So he went up and untied her hair, but she said: "My time has come for the dragon to destroy me; go away, you can do no good." But he said: "No! I can master it, and I won't go"; and for all her begging and praying he would stop.
And soon he heard it coming, roaring and raging from afar off, and at last it came near, spitting fire, and with a tongue like a great spear, and you could hear it roaring for miles, and it was making for the place where the king's daughter was staked down. But when it came up to them, the lad just hit it on the head with the bladder and the dragon fell down dead, but before it died, it bit off the little boy's forefinger.
Then the lad cut out the dragon's tongue and said to the king's daughter: "I've done all I can, I must leave you." And sorry she was he had to go, and before he went she tied a diamond ring in his hair, and said good-bye to him.
By-and-by, who should come along but the old king, lamenting and weeping, expecting to see nothing of his daughter but the prints of the place where she had been. But he was surprised to find her there alive and safe, and he said: "How came you to be saved?" So she told him how she had been saved, and he took her home to his castle again.
Well, he put it into all the papers to find out who saved his daughter, and who had the dragon's tongue and the princess's diamond ring, and was without his forefinger. Whoever could show these signs should marry his daughter and have his kingdom after his death. Well, any number of gentlemen came from all parts of England, with forefingers cut off, and with diamond rings and all kinds of tongues, wild beasts' tongues and foreign tongues. But they couldn't show any dragons' tongues, so they were turned away.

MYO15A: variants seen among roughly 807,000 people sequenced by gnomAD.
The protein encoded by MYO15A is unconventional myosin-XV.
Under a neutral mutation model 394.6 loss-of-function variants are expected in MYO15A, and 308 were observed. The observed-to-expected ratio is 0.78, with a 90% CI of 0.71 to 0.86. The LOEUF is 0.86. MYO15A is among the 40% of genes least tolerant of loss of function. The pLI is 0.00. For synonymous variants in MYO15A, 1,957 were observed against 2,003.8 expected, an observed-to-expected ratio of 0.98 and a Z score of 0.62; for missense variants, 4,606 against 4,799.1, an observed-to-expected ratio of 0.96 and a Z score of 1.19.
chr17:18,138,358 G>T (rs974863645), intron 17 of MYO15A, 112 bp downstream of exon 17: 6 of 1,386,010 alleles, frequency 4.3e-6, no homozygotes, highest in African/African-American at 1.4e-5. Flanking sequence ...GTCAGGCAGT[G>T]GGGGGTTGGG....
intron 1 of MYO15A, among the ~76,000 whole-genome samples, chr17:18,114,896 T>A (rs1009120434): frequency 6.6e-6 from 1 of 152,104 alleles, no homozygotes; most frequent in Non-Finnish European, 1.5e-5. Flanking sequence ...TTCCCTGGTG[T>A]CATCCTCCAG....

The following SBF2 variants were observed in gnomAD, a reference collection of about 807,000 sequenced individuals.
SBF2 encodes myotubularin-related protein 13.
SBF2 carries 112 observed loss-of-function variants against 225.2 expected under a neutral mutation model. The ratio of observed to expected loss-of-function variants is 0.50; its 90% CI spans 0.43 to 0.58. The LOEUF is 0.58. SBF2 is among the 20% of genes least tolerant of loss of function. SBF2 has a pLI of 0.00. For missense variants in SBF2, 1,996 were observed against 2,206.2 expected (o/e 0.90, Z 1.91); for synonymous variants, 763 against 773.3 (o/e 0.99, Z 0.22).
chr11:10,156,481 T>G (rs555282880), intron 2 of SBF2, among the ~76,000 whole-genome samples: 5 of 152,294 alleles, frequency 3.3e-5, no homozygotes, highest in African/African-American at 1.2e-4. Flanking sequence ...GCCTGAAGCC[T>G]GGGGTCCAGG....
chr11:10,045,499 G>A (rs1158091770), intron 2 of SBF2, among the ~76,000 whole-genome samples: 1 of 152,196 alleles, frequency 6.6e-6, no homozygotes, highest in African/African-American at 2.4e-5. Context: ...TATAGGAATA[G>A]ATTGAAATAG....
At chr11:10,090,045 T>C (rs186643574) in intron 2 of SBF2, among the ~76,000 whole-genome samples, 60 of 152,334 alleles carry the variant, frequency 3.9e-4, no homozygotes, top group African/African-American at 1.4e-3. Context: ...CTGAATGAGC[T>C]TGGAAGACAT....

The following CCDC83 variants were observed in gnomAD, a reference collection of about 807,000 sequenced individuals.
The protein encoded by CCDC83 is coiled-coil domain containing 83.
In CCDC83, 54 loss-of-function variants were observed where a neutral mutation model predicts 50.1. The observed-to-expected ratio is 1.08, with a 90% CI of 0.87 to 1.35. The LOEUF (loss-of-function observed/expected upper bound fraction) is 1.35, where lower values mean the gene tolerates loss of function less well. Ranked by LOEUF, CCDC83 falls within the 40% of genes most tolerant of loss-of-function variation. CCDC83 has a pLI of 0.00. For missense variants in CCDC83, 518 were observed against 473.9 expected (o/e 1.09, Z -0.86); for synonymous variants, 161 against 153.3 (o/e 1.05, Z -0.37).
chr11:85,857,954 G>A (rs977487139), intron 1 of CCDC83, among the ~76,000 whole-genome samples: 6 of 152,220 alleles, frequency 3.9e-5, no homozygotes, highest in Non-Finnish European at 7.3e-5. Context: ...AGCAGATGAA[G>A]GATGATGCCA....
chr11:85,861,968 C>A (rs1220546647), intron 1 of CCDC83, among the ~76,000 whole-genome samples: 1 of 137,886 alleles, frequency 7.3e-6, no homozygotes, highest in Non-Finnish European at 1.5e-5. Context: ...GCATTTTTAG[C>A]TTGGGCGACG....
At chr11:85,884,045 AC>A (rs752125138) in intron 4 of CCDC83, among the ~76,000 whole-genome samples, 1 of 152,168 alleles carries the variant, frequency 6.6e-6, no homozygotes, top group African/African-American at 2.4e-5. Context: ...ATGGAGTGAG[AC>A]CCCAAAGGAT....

At last the little boy turned up, looking very ragged and desolated like, and the king's daughter cast her eye on him, till her father grew very angry and ordered them to turn the little beggar boy away. "Father," says she; "I know something of that boy."
Well, still the fine gentlemen came, bringing up their dragons' tongues that weren't dragons' tongues, and at last the little boy came up, dressed a little better. So the old king says: "I see you've got an eye on that boy. If it has to be him it must be him." But all the others were fit to kill him, and cried out: "Pooh, pooh, turn that boy out, it can't be him." But the king said: "Now, my boy, let's see what you have to show." Well, he showed the diamond ring with her name on it, and the fiery dragon's tongue. How the others were thunderstruck when he showed his proofs! But the king told him: "You shall have my daughter and my estate."
So he married the princess, and afterwards got the king's estate. Then his step-father came and wanted to own him, but the young king didn't know such a man.
Notes: Contains 44 English folktales.
Editor: Joseph Jacobs
Publisher: G. P. Putnam's Sons, New York, London